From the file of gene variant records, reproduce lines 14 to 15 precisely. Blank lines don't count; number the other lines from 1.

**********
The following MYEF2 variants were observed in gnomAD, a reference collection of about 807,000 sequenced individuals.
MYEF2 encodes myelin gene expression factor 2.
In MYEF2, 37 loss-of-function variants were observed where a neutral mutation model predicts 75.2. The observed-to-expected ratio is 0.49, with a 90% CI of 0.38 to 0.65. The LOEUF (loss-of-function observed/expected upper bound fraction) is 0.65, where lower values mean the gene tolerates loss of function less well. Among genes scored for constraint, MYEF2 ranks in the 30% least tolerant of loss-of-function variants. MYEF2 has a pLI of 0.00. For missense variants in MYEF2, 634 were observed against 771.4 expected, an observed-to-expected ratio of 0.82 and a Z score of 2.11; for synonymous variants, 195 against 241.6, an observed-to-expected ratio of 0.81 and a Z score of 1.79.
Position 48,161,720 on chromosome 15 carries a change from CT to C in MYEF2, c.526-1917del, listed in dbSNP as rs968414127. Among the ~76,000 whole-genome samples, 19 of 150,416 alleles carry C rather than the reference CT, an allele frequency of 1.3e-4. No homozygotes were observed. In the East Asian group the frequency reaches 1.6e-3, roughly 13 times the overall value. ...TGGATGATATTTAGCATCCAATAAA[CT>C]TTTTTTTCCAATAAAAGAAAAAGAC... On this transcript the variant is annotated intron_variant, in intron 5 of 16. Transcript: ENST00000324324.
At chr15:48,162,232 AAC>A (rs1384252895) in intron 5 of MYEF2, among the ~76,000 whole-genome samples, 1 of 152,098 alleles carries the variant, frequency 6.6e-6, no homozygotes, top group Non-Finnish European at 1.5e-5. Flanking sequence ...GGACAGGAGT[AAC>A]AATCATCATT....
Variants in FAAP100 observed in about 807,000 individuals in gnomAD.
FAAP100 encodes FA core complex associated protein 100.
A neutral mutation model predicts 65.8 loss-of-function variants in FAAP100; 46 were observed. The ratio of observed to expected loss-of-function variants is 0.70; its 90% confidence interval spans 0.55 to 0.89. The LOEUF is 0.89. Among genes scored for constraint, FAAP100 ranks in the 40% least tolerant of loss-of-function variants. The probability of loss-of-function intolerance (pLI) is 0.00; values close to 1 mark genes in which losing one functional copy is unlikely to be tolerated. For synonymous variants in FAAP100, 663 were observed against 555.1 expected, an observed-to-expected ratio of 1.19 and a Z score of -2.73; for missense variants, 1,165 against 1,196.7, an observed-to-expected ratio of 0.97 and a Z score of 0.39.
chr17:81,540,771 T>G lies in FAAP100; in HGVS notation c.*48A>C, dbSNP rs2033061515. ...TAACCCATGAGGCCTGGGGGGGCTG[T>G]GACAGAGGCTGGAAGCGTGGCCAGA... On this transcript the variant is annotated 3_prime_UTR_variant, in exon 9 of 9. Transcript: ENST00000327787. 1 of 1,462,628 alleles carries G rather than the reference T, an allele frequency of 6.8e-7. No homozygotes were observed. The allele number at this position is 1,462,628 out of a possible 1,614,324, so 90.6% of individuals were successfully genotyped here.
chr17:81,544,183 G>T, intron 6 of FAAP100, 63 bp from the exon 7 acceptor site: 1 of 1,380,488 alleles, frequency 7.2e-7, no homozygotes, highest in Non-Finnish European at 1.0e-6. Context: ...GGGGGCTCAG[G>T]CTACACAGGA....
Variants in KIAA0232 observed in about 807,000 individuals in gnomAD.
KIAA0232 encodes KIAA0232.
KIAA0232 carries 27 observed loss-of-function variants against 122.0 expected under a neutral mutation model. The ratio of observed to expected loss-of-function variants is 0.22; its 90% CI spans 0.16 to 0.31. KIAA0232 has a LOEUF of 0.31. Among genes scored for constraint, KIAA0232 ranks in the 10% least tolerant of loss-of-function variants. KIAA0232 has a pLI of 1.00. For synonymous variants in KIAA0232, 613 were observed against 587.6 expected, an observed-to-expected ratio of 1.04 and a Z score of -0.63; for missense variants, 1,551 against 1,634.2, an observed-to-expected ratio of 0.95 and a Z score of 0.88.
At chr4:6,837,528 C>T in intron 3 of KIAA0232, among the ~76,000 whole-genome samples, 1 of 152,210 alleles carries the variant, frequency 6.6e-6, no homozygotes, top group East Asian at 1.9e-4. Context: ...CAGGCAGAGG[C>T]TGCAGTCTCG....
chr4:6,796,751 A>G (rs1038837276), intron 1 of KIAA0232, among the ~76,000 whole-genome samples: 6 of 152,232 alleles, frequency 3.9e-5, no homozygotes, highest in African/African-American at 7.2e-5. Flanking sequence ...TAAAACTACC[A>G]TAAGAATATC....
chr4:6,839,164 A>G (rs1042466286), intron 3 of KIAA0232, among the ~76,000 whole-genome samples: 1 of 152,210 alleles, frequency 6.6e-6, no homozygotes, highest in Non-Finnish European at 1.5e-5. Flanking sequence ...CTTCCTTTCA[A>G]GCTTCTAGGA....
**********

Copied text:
At chr4:6,837,528 C>T in intron 3 of KIAA0232, among the ~76,000 whole-genome samples, 1 of 152,210 alleles carries the variant, frequency 6.6e-6, no homozygotes, top group East Asian at 1.9e-4. Context: ...CAGGCAGAGG[C>T]TGCAGTCTCG....
chr4:6,796,751 A>G (rs1038837276), intron 1 of KIAA0232, among the ~76,000 whole-genome samples: 6 of 152,232 alleles, frequency 3.9e-5, no homozygotes, highest in African/African-American at 7.2e-5. Flanking sequence ...TAAAACTACC[A>G]TAAGAATATC....